The right for countries to participate in international cyberspace governance as equals should be respected by all, Xi said.

Stressing maintenance of peace and security, the president urged the international community to cooperate to combat cybercrimes and Internet terrorism.

He said nations should work together to prevent and oppose the misuse of cyberspace for crimes such as terrorism, drug trafficking, money laundering and gambling.

All cybercrimes, be they commercial theft or hacker attacks, should be handled in accordance with laws and international conventions, he said.

"No double standards should be allowed in upholding cyber security," Xi said. "We cannot just have the security of one or some countries while leaving the rest insecure; still less should one seek the so-called absolute security for oneself at the expense of the security of others."

Calling for expanded Internet access, the president said, "More nations and people should be given the chance to ride the fast train of the information age."

He urged "reform of global Internet governance" and said "the old mentality of a zero-sum game or winner takes all" should be scrapped.

All countries should advance opening up and cooperation in cyberspace and create more converging points of interests, according to Xi.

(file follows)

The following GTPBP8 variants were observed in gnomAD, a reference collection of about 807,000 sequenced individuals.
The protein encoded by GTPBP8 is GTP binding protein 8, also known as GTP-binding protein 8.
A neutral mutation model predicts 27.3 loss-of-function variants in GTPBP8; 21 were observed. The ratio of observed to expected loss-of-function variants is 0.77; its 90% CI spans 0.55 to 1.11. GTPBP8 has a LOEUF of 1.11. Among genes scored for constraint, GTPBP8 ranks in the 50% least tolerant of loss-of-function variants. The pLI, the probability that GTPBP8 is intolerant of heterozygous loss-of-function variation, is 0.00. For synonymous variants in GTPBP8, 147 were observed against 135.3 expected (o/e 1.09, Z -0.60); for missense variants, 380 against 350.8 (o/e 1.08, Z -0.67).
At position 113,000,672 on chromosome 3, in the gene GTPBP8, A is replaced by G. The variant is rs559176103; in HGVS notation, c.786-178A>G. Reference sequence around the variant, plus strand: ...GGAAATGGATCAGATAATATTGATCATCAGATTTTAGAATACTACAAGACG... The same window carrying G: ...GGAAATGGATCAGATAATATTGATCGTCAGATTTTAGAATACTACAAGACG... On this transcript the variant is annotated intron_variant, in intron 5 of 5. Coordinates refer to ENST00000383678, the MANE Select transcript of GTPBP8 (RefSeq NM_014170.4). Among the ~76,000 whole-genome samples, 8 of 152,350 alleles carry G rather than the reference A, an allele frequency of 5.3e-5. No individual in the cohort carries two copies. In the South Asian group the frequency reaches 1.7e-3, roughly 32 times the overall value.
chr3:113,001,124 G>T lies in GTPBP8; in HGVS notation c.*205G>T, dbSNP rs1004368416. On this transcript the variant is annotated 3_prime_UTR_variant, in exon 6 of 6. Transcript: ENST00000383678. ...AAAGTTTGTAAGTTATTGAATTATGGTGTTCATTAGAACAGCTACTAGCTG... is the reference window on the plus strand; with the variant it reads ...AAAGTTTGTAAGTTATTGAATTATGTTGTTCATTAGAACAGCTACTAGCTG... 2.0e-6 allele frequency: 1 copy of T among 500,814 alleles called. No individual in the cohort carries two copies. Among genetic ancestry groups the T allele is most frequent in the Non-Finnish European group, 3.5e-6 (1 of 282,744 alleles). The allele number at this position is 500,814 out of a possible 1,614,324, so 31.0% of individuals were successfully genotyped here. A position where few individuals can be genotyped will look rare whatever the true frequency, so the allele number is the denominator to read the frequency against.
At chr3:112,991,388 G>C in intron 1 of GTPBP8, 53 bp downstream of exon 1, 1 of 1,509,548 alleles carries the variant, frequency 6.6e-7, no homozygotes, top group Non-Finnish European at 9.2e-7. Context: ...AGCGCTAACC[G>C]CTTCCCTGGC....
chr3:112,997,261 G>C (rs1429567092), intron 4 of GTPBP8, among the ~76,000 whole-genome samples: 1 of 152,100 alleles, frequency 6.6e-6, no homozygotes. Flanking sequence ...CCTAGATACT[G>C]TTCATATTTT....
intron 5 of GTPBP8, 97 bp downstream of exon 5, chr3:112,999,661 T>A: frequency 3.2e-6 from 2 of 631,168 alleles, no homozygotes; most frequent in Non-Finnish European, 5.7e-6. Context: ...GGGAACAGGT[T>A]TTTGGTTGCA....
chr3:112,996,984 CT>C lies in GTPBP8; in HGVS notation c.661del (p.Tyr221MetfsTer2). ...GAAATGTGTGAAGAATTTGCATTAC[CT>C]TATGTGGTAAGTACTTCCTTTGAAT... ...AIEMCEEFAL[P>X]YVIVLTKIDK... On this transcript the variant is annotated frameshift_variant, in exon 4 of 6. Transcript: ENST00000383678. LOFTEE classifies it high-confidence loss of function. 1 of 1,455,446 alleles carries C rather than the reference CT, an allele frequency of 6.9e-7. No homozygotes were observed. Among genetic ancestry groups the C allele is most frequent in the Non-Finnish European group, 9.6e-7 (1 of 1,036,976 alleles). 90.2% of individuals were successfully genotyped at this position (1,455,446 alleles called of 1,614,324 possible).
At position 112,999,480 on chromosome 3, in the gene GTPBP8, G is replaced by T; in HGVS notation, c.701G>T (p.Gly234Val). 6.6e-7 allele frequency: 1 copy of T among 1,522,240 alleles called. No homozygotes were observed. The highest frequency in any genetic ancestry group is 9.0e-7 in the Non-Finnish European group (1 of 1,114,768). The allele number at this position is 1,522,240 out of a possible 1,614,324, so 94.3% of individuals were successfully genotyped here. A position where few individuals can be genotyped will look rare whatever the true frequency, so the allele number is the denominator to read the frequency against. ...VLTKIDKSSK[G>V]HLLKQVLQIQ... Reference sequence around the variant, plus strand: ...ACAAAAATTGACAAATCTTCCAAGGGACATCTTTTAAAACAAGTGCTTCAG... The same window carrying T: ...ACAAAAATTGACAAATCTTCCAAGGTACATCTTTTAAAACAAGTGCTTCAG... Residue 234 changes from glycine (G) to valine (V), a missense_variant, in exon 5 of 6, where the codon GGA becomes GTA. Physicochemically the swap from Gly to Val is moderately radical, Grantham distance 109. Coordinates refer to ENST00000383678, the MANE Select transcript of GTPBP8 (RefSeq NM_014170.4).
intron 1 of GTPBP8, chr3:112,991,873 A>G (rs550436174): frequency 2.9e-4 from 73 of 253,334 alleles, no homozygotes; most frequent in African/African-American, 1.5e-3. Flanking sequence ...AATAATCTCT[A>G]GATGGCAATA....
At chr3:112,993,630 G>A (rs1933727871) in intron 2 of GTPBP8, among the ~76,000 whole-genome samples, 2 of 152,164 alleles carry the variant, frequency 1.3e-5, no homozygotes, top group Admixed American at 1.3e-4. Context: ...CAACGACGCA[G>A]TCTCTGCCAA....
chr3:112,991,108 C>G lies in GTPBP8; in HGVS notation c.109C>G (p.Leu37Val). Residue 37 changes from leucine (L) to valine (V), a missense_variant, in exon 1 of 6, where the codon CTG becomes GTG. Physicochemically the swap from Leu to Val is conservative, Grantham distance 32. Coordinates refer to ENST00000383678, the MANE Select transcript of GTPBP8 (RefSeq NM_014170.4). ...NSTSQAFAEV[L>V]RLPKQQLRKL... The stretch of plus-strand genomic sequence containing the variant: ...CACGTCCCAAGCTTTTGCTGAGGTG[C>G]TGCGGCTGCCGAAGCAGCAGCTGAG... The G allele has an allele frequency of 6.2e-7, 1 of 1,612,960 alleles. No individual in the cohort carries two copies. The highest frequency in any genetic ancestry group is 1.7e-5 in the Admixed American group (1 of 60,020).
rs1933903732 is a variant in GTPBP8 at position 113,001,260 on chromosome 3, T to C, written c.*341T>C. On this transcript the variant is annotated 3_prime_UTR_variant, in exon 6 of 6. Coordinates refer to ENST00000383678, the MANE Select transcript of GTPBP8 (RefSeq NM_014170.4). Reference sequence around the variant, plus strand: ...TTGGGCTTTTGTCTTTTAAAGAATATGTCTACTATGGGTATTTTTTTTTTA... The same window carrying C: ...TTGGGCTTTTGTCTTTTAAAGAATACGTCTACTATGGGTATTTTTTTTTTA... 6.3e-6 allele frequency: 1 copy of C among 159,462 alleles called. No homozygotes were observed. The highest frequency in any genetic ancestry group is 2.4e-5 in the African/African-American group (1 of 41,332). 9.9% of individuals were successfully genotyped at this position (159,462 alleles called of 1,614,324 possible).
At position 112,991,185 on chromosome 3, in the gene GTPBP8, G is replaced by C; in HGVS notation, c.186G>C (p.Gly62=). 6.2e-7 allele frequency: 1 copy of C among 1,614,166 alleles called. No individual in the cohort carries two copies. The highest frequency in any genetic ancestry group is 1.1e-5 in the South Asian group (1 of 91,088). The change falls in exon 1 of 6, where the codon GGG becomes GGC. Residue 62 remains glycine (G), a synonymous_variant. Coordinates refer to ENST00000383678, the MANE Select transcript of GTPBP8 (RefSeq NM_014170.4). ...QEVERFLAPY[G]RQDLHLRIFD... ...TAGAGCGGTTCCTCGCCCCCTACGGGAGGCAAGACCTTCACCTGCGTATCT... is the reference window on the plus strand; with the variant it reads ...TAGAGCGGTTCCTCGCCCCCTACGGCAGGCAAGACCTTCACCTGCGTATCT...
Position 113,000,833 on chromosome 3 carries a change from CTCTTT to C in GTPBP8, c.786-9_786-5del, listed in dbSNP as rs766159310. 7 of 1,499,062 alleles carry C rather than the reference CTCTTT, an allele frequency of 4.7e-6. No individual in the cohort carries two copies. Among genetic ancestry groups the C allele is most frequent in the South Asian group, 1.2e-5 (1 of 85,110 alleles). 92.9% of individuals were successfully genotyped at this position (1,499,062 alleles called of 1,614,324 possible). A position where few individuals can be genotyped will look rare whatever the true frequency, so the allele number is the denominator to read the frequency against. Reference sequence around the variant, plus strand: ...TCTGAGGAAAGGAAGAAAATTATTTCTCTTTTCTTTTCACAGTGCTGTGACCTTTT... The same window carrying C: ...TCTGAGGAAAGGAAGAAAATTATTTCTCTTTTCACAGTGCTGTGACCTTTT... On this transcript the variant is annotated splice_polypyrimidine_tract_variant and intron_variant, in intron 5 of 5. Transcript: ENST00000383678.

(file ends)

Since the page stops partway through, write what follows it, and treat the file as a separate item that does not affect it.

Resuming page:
He compared cyberspace to the real world, saying the world needs to strike a balance between order and freedom.

"Cyberspace is not a place beyond the rule of law," he said.

"We should respect Internet users' rights to exchange their ideas and express their minds, and we should also build a good order in cyberspace in accordance with law as it will help protect the legitimate rights and interests of all Internet users."

Howard Goodison, part of a U.S. college students' delegation and in China for the first time, is awed by both the natural beauty and Internet infrastructure of Wuzhen.

As a junior student majoring in International Relations at George Washington University, he was most impressed by Xi's proposal for an Internet governance system to promoting equity and justice.

"Millions of dollars are lost a year due to cybercrime and as we benefit from the growth of the Internet, there should also be a sense of accountability," he said.

"As China is spearheading this with this conference, other powerhouses like the United States and UK will be able to enforce this sense of equity and justice. It's not any individual country's job but a collaborative work," Goodison added.


Cyberspace is for all mankind. Its future should be in the hands of all nations. Countries should step up communication, broaden consensus and deepen cooperation, the president said.

Xi put forward five proposals to build a community of shared future in cyberspace.

He called for efforts to speed up the building of global cyber infrastructure and promote connectivity.

"China stands ready to work with all parties concerned to come up with more investment and technical support to jointly advance the building of global cyber infrastructure and enable more developing countries and their people to share the development opportunities brought by the Internet," Xi said.

Valeriy M. Matsel, consul general of Belarus in Shanghai, shared similar views to Xi in terms of information infrastructure and connectivity.